Career counseling fills in what some schools leave out
* Not all schools in Karachi offer college or career guidance which can be a daunting process to go through for any teenager
By Tooba Masood
KARACHI: Asad Ali of the CAS School claims that most students don’t aim lower than Oxford or Harvard universities, only the cream of the academic world.
But chances of being offered admissions to these seats of learning are as slim as some of the waists teenage A-Level students (including boys) sport these days. What happens to the rest of the student body? If you know you aren’t going to get into Oxford or Cambridge, how do you choose from the other array of options?
“While many of us will be offered a place at university, a majority won’t be able to get in without proper college counseling,” said a Bahria College student.
College applications - such as the combined Universities and Colleges Admission Service (UCAS) form for the UK - are usually just the tip of the iceberg. Choosing a good school which you can afford and which offers the right subjects and is located in the right place is the first headache. A headache college and career counselors usually help you deal with if you are lucky enough to have access to them.
There are many schools in Karachi that do not provide college counseling. “Our school doesn’t,” said Zohair Syed from the Karachi Public School (KPS), adding that they are instead referred to the British Council or encouraged to email the Higher Education Commission (HEC) for help and assistance.
It is thus no surprise that the US, UK, Canadian and Australian education authorities are investing more in approaching students in Pakistan. On Saturday, the British Council, Pakistan organized on such session at a local hotel where a sizeable number of students, mostly medical and engineering hopefuls, turned up.
Walking around the main hall with his mother, private student Syed Mustafa Ali said that the session had opened a window of opportunities for him and his fellow students. “As a private student it is difficult for me to coordinate with the universities. Counseling sessions help students like me [who are not in school] understand university requirements,” he said.
According to BCP Karachi Manager Rakshanda Khushal, the British Council has always tried to help promote education among Pakistan’s youth. “We also tried to promote studying abroad on radio shows such as Ace Encounter with Fasi Zaka on Radio 1 FM 91,” she said.
Perhaps an indication of just how important foreign students are for the UK was the presence of British High Commissioner Robert W Gibson at the session. “I have just come back from Iraq,” he said in his speech. “It is interesting to see how students in Iraq work hard to get into good universities. In the same manner, students in Pakistan work equally hard to get admission in a good university.”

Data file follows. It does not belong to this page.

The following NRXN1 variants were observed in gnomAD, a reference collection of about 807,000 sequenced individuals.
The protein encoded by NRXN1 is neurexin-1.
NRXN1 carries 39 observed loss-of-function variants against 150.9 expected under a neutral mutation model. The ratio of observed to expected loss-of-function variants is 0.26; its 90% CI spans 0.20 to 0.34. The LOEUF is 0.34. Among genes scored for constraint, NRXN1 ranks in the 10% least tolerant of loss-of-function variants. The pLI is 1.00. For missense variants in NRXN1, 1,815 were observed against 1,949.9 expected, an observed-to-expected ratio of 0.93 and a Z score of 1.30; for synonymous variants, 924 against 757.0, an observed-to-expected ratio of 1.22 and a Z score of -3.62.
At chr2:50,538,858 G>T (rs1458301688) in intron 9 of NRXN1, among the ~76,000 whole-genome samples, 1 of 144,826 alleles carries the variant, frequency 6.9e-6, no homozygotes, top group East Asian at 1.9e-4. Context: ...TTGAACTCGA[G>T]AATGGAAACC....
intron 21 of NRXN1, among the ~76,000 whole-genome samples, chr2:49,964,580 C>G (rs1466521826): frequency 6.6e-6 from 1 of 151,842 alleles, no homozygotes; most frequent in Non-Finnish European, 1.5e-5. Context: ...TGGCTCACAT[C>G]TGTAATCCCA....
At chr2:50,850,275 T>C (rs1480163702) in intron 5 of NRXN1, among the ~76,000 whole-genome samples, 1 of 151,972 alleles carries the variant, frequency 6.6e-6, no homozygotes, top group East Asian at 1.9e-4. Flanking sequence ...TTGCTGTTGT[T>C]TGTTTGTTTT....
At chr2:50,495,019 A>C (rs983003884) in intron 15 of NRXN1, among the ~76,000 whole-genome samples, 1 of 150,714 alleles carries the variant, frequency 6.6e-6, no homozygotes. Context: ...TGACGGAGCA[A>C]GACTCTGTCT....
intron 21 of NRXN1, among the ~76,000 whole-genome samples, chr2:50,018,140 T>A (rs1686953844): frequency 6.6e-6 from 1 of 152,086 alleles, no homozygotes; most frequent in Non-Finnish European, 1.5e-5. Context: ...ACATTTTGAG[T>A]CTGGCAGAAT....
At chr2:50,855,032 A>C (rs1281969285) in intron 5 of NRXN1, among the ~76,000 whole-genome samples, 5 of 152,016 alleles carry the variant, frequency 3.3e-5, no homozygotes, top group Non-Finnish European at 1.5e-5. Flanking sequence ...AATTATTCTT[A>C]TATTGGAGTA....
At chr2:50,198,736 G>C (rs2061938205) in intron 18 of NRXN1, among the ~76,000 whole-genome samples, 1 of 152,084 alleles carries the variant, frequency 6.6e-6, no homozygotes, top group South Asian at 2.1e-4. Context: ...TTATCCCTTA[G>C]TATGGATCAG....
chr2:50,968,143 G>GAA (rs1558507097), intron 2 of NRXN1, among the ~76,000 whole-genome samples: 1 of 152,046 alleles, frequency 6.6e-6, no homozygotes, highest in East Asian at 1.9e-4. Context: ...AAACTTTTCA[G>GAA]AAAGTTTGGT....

He also explained that UK degrees are very “flexible”. “I didn’t earn a degree in Law or Sociology but in Zoology,” he said. “The UK has always enchanted students from all over the world. Our target this year is to attract 100,000 students.”
For some students, the counseling sessions are an opportunity to inquire about scholarships and grants as not everyone can afford an international BA degree. “We work very hard, not just to get admission but focus higher on scholarships,” said Farwah Sharif of the Lyceum School, adding that he felt it was important to have a good college counselor at school.
The City School’s Mustansir had also turned up to find out about scholarships and felt that after attending he had a better idea on how to handle his applications.
The British Council session also attracted teachers such Physics lecturer D’Souza who turned up to find out about Science and Technology programmes he could later inform his students about.
“Young Pakistanis make up a huge percentage of the student population in the UK,” said BCP team member Martin. “It is important for them to be aware of all the pros and cons of the situation.” Part of this effort involves inviting alumni to give the students perspective on university life. “I think the British Council trying to help students who are really focused in life. When I was going to university such facilities were not available. We had to research and apply ourselves now the students are guided through step by step,” said Saima a University of Bath alumnus.
But, as expected, not all students went home happy. Naheed from Bahria College and Syed Khan from Karachi Public School felt that while the effort to reach out to students should be applauded, they were not entirely impressed. Menaal went as far as to say that the counseling session was “quite useless”. “Everything was too general,” she argued. “They only focused on students applying for Science subjects. What about those who want to major in history or politics?” Others students such as Rida Salman agreed with her assessment, claiming that the session should have had more information on scholarships.
Nonetheless, some teachers who attended the seminar were very pleased as they claimed that their schools did not have enough information about university applications. “This is something we have been waiting for. Around the age of 18 or 19 a student is not very clear headed about what they want to do. Sessions such as this help them decide and gain focus,” said a Bahria College teacher.